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- How is 'split' working here ?
July 29, 2008, 5:22 pm
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use strict ;
my $fname = "My-range-20080511-20080514.txt" ;
my ($pattern1, $pattern2);
$pattern1 = '(.*)-(\d+)-(\d+).txt$';
my @parts = split ( /$pattern1/, $fname) ;
print "$parts Z $parts Z $parts Z $parts Z\n" ;
Z My-range Z 20080511 Z 20080514 Z
Why is $parts a blank string? Besides, (\d+) is the second bracket
of pattern1, so I would expect it to be the second element, or
$parts, of @parts. Yet $parts is something else. I am confused
as to how 'split' is working here.
Please advise. Thanks in advance.
Re: How is 'split' working here ?
You are splitting the string "My-range-20080511-20080514.txt". The
pattern on which you are splitting atually matches the entire
pattern. Therefore, there would normally be exactly two returned
elements - an empty string in the front, and an empty string in the
back. By default, split() drops ending empty strings, however.
Make it simpler: Say my pattern is actually /-!-/. Here's what I
would get for splitting each of these strings:
'foo-!-bar' => ('foo', 'bar')
'foo-!--!-bar' => ('foo', '', 'bar')
'-!-bar' => ('', 'bar')
'-!-bar-!-' => ('', 'bar') #remember, trailing empty fields are
'-!-' => ('') #again, trailing empty fields are
Your example is the equivalent of the last example. Your split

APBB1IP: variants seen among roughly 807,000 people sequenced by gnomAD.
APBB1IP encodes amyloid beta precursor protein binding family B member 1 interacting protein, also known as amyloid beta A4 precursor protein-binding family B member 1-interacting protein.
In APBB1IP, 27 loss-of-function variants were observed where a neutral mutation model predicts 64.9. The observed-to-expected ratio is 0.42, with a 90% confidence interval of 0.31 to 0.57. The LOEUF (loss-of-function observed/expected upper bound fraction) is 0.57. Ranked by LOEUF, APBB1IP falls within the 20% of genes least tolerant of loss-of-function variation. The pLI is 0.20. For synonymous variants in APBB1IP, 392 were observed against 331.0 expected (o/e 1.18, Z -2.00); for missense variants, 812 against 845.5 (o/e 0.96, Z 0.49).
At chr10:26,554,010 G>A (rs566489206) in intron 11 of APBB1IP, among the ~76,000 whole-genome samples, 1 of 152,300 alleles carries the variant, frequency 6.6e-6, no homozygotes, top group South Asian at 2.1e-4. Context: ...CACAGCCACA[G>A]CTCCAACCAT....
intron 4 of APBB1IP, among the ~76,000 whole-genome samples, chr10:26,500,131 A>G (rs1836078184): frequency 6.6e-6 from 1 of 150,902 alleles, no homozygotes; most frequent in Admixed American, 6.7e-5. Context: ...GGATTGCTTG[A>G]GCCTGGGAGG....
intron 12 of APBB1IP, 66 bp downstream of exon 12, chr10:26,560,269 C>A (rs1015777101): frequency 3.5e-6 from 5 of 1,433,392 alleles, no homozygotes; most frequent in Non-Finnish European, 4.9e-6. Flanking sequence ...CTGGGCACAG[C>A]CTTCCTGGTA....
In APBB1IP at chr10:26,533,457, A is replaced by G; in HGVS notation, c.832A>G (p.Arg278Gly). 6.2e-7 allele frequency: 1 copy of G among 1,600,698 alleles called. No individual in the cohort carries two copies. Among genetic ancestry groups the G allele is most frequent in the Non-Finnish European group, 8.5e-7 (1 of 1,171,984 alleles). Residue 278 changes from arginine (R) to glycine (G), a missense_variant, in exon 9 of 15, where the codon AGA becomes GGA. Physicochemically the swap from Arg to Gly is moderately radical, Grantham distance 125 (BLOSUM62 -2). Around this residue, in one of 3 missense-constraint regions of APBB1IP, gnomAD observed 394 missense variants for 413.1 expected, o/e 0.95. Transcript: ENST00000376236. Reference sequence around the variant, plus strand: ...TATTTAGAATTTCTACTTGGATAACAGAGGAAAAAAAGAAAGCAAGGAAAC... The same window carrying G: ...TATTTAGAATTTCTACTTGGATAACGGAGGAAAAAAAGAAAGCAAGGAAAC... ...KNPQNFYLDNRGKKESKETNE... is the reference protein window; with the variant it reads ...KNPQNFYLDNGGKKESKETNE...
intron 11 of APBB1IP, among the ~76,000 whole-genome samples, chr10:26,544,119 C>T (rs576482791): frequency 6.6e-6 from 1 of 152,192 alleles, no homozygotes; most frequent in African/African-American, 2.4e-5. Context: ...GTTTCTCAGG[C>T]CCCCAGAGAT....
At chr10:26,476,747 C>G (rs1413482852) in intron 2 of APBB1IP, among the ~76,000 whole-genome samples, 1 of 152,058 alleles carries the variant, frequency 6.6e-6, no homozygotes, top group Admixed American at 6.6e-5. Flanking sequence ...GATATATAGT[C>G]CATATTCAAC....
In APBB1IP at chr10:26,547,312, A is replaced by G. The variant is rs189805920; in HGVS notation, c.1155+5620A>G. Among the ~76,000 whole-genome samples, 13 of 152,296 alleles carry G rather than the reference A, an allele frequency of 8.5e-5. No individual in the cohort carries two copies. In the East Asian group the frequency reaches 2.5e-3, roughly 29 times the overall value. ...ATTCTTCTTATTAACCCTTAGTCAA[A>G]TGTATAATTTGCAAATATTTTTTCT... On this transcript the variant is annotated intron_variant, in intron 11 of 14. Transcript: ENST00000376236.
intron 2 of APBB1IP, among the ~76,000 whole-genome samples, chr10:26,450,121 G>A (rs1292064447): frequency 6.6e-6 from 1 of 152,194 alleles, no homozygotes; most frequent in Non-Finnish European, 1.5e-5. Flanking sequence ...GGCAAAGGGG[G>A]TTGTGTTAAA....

pattern matches the entire string. That is why the first element
returned is an empty string.
HOWEVER, you did something else - you used capturing parentheses
within your pattern. When you do that, split returns not only the
pieces of the string that have been split, but also whatever was
captured. Let's take another look. This time, pretend your pattern
is /-(!)-/. That is, the same pattern, but now you're capturing the
'foo-!-bar' => ('foo', '!', 'bar')
'foo-!--!-bar' => ('foo', '!', '', '!', 'bar')
'-!-bar' => ('', '!', 'bar')
'-!-bar-!-' => ('', '!', 'bar', '!') #remember, trailing empty
fields are dropped
'-!-' => ('', '!') #again, trailing empty
fields are dropped.
This is what you did. Your pattern matches the entire string, so you
get an empty string returned, but you also get one result for each
If you don't want those "extra" results, use non-capturing
$pattern1 = '(?:.*)-(?:\d+)-(?:\d+).txt$';
Alternatively, if what you're actually trying to do is find just those
captured parts, and your confusion is why that empty string appeared
in the first place, the answer is that you shouldn't be using split at
all. You should just be using the normal =~ operator, like so:
my @parts = ($fname =~ /$pattern1/);
Hope that helps,